bioquimicaIII b

bioquimicaIII b

(Parte 1 de 7)

Control of Gene Expression

Concept Outline

16.1Gene expression is controlled by regulating transcription.

An Overview of Transcriptional Control.In bacteria transcription is regulated by controlling access of RNA polymerase to the promoter in a flexible and reversible way; eukaryotes by contrast regulate many of their genes by turning them on and off in a more permanent fashion.

16.2Regulatory proteins read DNA without unwinding it.

How to Read a Helix without Unwinding It. Regulatory proteins slide special segments called DNA- binding motifs along the major groove of the DNA helix, reading the sides of the bases.

Four Important DNA-Binding Motifs.DNA-binding proteins contain structural motifs such as the helix-turnhelix which fit into the major groove of the DNA helix.

16.3Bacteria limit transcription by blocking RNA polymerase.

Controlling Transcription Initiation. Repressor proteins inhibit RNA polymerase’s access to the promoter, while activators facilitate its binding.

16.4Transcriptional control in eukaryotes operates at a distance.

Designing a Complex Gene Control System. Eukaryotic genes use a complex collection of transcription factors and enhancers to aid the polymerase in transcription.

The Effect of Chromosome Structure on Gene Regulation.The tight packaging of eukaryotic DNA into nucleosomes does not interfere with gene expression.

Posttranscriptional Control in Eukaryotes.Gene expression can be controlled at a variety of levels after transcription.

In an orchestra, all of the instruments do not play all the time; if they did, all they would produce is noise. In- stead, a musical score determines which instruments in the orchestra play when. Similarly, all of the genes in an organism are not expressed at the same time, each gene producing the protein it encodes full tilt. Instead, different genes are expressed at different times, with a genetic score written in regulatory regions of the DNA determining which genes are active when (figure 16.1).

FIGURE 16.1 Chromosome puffs.In this chromosome of the fly Drosophila melanogaster,individual active genes can be visualized as “puffs” on the chromosomes. The RNA being transcribed from the DNA template has been radioactively labeled, and the dark specks indicate its position on the chromosome.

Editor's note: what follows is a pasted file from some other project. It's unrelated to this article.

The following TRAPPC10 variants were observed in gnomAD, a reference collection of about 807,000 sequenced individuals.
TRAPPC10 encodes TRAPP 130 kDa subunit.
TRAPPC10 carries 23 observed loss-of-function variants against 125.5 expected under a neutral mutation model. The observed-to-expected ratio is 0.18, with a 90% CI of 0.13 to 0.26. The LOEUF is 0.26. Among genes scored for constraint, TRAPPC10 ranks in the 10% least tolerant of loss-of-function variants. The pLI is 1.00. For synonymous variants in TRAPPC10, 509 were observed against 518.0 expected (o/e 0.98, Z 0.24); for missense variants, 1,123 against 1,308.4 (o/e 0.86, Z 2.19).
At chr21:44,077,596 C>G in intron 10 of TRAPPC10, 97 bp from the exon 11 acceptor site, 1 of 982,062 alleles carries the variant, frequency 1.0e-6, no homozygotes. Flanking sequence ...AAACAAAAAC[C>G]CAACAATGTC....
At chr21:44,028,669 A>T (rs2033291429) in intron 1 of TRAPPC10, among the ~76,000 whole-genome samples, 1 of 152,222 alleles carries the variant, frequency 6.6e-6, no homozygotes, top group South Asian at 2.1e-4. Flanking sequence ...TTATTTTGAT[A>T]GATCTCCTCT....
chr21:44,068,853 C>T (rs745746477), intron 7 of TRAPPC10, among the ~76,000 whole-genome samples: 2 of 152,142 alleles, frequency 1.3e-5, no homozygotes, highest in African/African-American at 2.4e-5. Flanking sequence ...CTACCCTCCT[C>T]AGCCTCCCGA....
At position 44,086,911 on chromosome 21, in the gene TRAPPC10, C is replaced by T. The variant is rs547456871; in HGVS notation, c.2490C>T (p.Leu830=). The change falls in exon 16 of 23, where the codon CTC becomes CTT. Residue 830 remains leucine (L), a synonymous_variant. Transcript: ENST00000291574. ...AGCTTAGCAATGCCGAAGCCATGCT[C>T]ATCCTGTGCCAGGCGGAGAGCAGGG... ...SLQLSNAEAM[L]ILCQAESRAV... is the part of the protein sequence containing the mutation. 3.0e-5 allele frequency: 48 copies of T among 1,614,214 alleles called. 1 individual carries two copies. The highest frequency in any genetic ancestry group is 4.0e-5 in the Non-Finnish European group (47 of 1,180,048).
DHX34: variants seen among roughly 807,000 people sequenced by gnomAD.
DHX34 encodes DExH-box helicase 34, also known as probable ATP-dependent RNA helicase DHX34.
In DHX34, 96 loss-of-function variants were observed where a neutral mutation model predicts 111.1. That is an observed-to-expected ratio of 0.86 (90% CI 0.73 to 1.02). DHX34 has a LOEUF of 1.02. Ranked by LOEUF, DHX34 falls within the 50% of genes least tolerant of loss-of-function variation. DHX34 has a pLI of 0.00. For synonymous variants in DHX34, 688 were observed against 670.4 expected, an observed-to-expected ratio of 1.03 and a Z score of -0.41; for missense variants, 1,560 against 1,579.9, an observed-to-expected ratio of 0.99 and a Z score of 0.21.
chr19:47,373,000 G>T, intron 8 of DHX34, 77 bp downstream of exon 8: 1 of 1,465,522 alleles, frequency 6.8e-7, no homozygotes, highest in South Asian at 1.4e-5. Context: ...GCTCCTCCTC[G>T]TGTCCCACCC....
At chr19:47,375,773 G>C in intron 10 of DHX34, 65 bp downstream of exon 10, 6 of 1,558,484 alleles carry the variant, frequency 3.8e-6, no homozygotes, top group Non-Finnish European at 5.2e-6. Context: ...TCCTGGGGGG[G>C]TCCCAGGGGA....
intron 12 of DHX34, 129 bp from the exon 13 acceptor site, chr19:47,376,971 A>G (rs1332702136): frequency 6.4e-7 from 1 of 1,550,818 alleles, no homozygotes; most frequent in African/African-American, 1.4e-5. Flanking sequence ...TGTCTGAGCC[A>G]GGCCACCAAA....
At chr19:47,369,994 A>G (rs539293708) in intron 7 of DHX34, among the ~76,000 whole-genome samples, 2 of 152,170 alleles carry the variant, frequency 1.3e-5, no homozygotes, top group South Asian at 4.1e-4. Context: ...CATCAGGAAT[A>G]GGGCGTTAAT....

the maintenance of a constant internal environment—is considered by many to be the hallmark of multicellular organisms. Although cells in such organisms still respond to signals in their immediate environment (such as growth factors and hormones) by altering gene expression, in doing so they participate in regulating the body as a whole. In multicellular organisms with relatively constant internal environments, the primary function of gene control in a cell is not to respond to that cell’s immediate environment, but rather to participate in regulating the body as a whole.

Some of these changes in gene expression compensate for changes in the physiological condition of the body. Others mediate the decisions that producethe body, ensuring that the right genes are expressed in the right cells at the right time during development. The growth and development of multicellular organisms entail a long series of biochemical reactions, each catalyzed by a specific enzyme. Once a particular developmental change has occurred, these enzymes cease to be active, lest they disrupt the events that must follow. To produce these enzymes, genes are transcribed in a carefully prescribed order, each for a specified period of time. In fact, many genes are activated only once, producing irreversible effects. In many animals, for example, stem cellsdevelop into differentiated tissues like skin cells or red blood cells, following a fixed genetic program that often leads to programmed cell death. The one-time expression of the genes that guide this program is fundamentally different from the reversible metabolic adjustments bacterial cells make to the environment. In all multicellular organisms, changes in gene expression within particular cells serve the needs of the whole organism, rather than the survival of individual cells.

Posttranscriptional Control

Gene expression can be regulated at many levels. By far the most common form of regulation in both bacteria and eukaryotes is transcriptional control,that is, control of the transcription of particular genes by RNA polymerase. Other less common forms of control occur after transcription, influencing the mRNA that is produced from the genes or the activity of the proteins encoded by the mRNA. These controls, collectively referred to as posttranscriptional controls,will be discussed briefly later in this chapter.

Gene expression is controlled at the transcriptional and posttranscriptional levels. Transcriptional control, more common, is effected by the binding of proteins to regulatory sequences within the DNA.